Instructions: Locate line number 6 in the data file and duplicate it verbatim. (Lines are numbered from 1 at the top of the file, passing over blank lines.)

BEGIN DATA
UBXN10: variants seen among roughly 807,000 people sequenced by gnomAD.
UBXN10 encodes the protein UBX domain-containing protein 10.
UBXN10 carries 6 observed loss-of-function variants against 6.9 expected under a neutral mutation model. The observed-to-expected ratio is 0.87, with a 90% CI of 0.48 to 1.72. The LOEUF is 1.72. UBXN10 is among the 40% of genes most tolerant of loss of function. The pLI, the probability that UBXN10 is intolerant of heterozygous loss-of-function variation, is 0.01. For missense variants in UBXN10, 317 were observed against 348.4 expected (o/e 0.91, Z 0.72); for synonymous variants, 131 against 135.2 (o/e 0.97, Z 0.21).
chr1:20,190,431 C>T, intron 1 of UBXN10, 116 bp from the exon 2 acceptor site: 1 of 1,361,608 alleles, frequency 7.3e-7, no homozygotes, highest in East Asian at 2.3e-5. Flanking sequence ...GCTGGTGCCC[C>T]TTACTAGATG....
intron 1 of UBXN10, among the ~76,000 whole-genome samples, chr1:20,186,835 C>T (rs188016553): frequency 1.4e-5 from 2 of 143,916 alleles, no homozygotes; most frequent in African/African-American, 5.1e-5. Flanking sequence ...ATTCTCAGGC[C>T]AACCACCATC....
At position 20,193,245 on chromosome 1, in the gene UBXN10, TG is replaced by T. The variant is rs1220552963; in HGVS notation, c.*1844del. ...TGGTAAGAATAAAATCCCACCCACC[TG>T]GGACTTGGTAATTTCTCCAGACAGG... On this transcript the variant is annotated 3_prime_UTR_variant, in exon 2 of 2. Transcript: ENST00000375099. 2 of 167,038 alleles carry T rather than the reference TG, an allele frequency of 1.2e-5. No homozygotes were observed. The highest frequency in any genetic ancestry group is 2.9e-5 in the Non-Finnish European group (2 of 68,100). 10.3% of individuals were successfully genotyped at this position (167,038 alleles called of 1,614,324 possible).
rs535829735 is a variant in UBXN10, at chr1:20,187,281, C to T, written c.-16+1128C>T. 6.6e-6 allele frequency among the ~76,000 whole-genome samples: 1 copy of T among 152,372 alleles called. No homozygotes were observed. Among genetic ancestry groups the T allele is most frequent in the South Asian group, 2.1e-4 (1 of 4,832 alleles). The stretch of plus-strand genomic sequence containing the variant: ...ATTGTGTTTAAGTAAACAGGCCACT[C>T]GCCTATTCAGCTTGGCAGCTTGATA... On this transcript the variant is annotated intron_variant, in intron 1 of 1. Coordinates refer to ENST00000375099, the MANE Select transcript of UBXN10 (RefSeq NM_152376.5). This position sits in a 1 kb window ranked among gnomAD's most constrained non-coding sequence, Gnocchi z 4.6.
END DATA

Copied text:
At position 20,193,245 on chromosome 1, in the gene UBXN10, TG is replaced by T. The variant is rs1220552963; in HGVS notation, c.*1844del. ...TGGTAAGAATAAAATCCCACCCACC[TG>T]GGACTTGGTAATTTCTCCAGACAGG... On this transcript the variant is annotated 3_prime_UTR_variant, in exon 2 of 2. Transcript: ENST00000375099. 2 of 167,038 alleles carry T rather than the reference TG, an allele frequency of 1.2e-5. No homozygotes were observed. The highest frequency in any genetic ancestry group is 2.9e-5 in the Non-Finnish European group (2 of 68,100). 10.3% of individuals were successfully genotyped at this position (167,038 alleles called of 1,614,324 possible).